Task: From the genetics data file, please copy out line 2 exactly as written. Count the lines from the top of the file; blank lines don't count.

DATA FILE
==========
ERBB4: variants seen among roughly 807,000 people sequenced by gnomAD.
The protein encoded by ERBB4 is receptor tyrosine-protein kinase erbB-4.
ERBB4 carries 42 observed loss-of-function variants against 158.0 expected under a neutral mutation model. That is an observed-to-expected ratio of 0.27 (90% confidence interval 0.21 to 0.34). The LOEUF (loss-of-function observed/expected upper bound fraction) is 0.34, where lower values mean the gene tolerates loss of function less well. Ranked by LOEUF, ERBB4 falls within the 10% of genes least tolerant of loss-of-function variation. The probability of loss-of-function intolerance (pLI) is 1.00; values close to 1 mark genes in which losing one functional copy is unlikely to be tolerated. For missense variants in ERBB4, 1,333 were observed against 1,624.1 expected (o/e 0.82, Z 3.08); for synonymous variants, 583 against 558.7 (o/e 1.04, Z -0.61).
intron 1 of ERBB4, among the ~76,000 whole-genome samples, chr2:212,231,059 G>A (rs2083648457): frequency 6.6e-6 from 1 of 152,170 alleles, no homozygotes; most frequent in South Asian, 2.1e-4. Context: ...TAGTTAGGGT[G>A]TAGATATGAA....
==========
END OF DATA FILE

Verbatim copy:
The protein encoded by ERBB4 is receptor tyrosine-protein kinase erbB-4.